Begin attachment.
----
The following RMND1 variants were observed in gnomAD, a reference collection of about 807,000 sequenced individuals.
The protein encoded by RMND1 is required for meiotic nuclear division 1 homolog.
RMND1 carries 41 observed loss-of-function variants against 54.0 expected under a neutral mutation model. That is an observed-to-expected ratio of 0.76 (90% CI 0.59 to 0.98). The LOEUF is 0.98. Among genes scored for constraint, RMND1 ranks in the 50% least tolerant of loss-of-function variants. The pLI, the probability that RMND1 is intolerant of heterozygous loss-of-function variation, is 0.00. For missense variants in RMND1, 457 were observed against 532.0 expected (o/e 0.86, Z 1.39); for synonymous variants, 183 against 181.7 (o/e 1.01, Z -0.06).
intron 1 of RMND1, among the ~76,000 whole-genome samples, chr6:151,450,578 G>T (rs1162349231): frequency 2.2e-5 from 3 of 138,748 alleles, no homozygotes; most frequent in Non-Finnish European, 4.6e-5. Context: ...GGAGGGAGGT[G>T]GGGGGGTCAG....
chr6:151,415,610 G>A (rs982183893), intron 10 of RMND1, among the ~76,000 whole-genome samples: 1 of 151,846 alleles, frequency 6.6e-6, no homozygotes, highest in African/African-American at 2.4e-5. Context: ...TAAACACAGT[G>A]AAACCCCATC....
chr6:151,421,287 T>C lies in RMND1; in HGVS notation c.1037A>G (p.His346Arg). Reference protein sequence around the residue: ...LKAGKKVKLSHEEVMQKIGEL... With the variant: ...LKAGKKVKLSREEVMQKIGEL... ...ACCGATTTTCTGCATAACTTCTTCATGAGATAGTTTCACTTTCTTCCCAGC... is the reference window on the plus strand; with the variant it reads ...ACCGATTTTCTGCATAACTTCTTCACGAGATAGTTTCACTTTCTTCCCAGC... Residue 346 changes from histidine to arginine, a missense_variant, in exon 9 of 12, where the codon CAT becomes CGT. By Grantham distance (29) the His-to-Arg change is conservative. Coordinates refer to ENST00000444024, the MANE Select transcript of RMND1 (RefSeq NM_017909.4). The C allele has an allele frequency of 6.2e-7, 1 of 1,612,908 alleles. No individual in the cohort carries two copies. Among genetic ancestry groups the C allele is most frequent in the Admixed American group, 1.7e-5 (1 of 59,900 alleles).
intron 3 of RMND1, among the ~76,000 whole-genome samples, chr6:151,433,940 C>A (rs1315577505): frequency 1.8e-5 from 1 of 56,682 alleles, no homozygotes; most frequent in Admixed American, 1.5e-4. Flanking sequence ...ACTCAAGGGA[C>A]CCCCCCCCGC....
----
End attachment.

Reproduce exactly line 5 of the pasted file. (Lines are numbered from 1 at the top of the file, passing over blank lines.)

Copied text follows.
chr6:151,415,610 G>A (rs982183893), intron 10 of RMND1, among the ~76,000 whole-genome samples: 1 of 151,846 alleles, frequency 6.6e-6, no homozygotes, highest in African/African-American at 2.4e-5. Context: ...TAAACACAGT[G>A]AAACCCCATC....